Tuesday, July 18, 2006

Peak Oil Is Not About The Oil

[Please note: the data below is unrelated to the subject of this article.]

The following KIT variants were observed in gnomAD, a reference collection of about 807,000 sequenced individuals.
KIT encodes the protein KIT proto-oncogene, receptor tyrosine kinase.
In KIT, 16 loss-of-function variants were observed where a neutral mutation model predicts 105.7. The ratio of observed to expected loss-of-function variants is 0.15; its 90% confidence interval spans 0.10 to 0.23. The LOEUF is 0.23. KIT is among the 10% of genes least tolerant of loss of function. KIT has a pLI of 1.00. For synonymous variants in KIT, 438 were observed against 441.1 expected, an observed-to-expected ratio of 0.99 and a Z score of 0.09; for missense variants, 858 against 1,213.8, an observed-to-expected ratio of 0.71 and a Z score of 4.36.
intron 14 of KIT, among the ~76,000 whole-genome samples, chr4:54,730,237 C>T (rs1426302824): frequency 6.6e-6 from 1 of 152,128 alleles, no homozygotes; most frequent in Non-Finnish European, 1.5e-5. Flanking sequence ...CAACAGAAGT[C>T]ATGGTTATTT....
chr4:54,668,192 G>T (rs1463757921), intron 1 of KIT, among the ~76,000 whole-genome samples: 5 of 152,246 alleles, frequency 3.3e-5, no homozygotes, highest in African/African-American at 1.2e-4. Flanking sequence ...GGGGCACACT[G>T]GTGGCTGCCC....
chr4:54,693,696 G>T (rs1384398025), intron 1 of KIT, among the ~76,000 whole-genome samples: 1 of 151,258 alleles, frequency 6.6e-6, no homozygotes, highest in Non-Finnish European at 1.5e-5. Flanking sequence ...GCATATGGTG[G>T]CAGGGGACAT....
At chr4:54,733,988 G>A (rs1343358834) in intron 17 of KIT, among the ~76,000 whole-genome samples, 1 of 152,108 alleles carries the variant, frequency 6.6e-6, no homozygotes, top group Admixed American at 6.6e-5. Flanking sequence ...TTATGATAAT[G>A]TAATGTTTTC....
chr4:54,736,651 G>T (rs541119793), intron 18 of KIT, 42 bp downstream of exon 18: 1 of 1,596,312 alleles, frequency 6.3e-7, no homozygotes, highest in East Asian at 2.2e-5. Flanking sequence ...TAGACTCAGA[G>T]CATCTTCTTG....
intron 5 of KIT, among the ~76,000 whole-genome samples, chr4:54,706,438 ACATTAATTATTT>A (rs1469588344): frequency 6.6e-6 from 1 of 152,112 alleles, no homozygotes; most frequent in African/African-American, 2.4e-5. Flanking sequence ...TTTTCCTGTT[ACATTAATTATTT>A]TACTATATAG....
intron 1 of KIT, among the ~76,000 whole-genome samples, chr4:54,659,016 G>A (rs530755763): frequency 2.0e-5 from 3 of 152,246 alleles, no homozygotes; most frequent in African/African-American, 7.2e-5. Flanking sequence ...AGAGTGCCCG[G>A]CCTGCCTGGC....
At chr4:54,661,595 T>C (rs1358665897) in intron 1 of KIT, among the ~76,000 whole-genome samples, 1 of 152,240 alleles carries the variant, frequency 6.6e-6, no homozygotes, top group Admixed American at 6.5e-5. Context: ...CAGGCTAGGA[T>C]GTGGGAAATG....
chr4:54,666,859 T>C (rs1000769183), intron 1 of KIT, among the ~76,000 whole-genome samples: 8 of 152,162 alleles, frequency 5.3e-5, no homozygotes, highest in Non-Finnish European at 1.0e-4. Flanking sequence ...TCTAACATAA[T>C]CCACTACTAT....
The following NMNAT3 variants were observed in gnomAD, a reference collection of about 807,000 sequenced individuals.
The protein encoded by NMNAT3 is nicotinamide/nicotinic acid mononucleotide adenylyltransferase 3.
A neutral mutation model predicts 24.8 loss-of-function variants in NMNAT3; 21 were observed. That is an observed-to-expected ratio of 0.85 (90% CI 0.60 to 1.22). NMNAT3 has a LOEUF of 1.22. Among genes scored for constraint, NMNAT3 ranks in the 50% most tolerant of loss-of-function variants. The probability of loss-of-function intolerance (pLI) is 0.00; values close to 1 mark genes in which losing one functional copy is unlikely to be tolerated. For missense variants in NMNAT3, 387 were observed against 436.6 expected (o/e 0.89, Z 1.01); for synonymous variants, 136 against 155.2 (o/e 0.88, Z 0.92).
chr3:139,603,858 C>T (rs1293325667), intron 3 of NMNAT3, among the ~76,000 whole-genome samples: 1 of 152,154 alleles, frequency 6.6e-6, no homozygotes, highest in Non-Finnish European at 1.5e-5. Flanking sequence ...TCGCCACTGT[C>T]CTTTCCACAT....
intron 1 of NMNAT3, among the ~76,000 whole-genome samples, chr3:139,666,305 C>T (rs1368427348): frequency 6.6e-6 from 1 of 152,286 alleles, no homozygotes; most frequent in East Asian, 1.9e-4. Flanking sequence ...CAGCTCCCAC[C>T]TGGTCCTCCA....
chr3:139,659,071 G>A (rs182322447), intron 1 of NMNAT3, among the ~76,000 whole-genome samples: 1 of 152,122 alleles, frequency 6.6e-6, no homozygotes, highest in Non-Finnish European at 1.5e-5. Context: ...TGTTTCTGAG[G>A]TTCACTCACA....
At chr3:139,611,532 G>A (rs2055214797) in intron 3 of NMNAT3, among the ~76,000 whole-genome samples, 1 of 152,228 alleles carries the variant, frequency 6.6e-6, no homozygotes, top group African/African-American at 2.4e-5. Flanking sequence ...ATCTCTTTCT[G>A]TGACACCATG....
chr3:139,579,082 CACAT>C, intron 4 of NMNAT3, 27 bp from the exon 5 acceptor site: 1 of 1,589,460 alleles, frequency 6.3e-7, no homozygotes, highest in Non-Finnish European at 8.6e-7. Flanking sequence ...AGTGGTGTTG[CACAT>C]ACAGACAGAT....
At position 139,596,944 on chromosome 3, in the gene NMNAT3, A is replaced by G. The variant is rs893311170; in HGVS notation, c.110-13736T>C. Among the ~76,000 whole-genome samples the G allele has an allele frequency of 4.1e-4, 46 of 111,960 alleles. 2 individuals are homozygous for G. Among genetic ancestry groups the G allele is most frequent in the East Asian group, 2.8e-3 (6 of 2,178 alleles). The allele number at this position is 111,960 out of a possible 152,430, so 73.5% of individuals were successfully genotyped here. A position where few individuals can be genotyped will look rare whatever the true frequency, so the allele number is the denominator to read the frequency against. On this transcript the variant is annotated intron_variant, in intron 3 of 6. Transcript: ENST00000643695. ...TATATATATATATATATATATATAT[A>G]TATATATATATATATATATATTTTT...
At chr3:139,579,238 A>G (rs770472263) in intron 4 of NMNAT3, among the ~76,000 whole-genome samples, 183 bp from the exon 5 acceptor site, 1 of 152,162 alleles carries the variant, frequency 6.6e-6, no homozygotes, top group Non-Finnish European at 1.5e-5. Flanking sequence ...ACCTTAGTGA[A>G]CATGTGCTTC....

There is something that is very important for people to get theirheads around. Peak oil is not about the oil, not about gasoline anddiesel and heating oil and jet fuel. It's not about cars, SUVs,vans, trucks, busses, trains, planes or ships.Peak oil is about food and our progressive inability, after we passthe oil peak, to produce enough of it to feed our 6.5 billion globalpopulation. Even now, every day over 40,000 people worldwide die ofstarvation, malnutrition and nutrition related diseases. Each 1%gap between global demand and global supply will increase thosedeaths by 10-25%.Food production in today's world is critically dependent on oil (forpesticides, herbicides, agrichemicals, and agricultural, irrigationand distribution fuels) and natural gas (for artificial fertilizers)and clean water from ever scarcer and shrinking lakes and rivers andever shrinking underground aquifers.A shrinking global food supply is not just a problem for the thirdworld. Everybody has to eat and we in the developed world tend tolike to do that far more than those in the third world.Reversion to organic farming methods not dependent on artificialfertilizers and pesticides will not be as easy as the uninitiatedmay think. Our commercial agricultural land is essentially toxicand sterile through our use of petrochemicals and limited-nutrientartificial fertilizers. Commercial agriculture is essentially anexport business, exporting the nutrients from the soil on which wegrow the crops and never re-importing those nutrients. If theagrichemicals on which commercial agriculture relies were todisappear tomorrow, it is reliably estimated that those samecommercial soils will produce between 5-20% of the crops they dotoday, assuming even then that there is sufficient fresh water toirrigate them. It is estimated that it would take 10-20 years ormore to rebuild the natural fertility of thyose commercial soils.Without those agrichemicals that means a drop of 80-95% in theproductivity of those soils until their natural fertility isrestored.The other key factor, of course, is crop pests. Without oil-derivedpesticides crops will be susceptible to invasion by those pests innumbers possibly never seen before. We have, through our use ofpesticides, helped those pests evolve resistance. Commercialfarmers today use 33 times as much pesticides as just three decadesago and yet lose 25% more of their crop to pests than they didthen. We are already losing the battle against crop pests. Whenthe pesticides are gone we will lose the war. That same use ofpesticides have also prevented our crops from evolving their naturaldefences against pests. Our current crops generally have very lowsurvival potential without those pesticides. All of this, ofcourse, parallels our own weakened immune systems because of theover-use of antibiotics, vaccines and other modern medicines, all ofwhich take over the immune response rather than strengthen theimmune system.In closing, this is the important point. People will notreally "get it" about peak oil until they get their heads away fromworrying about transportation fuels and understand the implicationsfor food in our world of 6.5 billion people.

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